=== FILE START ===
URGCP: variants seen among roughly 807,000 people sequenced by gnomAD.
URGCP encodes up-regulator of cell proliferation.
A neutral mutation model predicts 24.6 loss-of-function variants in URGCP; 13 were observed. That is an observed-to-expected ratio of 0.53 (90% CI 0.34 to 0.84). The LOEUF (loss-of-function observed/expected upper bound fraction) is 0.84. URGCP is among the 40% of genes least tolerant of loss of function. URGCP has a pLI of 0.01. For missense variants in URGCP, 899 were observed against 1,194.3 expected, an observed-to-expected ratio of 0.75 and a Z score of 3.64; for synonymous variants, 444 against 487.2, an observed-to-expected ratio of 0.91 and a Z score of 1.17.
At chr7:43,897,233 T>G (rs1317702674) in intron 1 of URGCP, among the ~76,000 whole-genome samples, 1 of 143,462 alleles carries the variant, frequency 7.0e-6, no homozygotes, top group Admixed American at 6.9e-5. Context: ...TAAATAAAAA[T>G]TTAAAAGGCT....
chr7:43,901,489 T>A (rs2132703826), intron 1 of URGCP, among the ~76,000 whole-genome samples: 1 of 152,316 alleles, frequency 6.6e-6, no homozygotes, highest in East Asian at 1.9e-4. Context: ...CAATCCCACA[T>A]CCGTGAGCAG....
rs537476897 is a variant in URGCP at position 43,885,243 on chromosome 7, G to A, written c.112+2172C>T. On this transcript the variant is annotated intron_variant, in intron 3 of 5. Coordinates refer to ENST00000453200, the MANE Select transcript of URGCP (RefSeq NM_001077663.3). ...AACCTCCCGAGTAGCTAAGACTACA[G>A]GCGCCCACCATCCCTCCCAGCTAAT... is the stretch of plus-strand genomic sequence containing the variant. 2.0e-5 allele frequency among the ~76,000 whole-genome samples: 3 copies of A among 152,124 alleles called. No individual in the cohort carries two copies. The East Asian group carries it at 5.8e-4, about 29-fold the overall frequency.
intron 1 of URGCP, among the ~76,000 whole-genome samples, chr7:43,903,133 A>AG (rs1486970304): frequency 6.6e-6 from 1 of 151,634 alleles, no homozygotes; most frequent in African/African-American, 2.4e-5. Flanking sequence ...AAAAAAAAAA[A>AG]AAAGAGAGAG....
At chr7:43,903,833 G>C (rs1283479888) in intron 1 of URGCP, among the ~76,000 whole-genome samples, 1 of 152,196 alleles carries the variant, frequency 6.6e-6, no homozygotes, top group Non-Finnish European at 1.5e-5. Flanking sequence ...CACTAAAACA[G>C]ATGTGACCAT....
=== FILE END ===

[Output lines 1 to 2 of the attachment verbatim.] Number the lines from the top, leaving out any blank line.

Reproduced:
URGCP: variants seen among roughly 807,000 people sequenced by gnomAD.
URGCP encodes up-regulator of cell proliferation.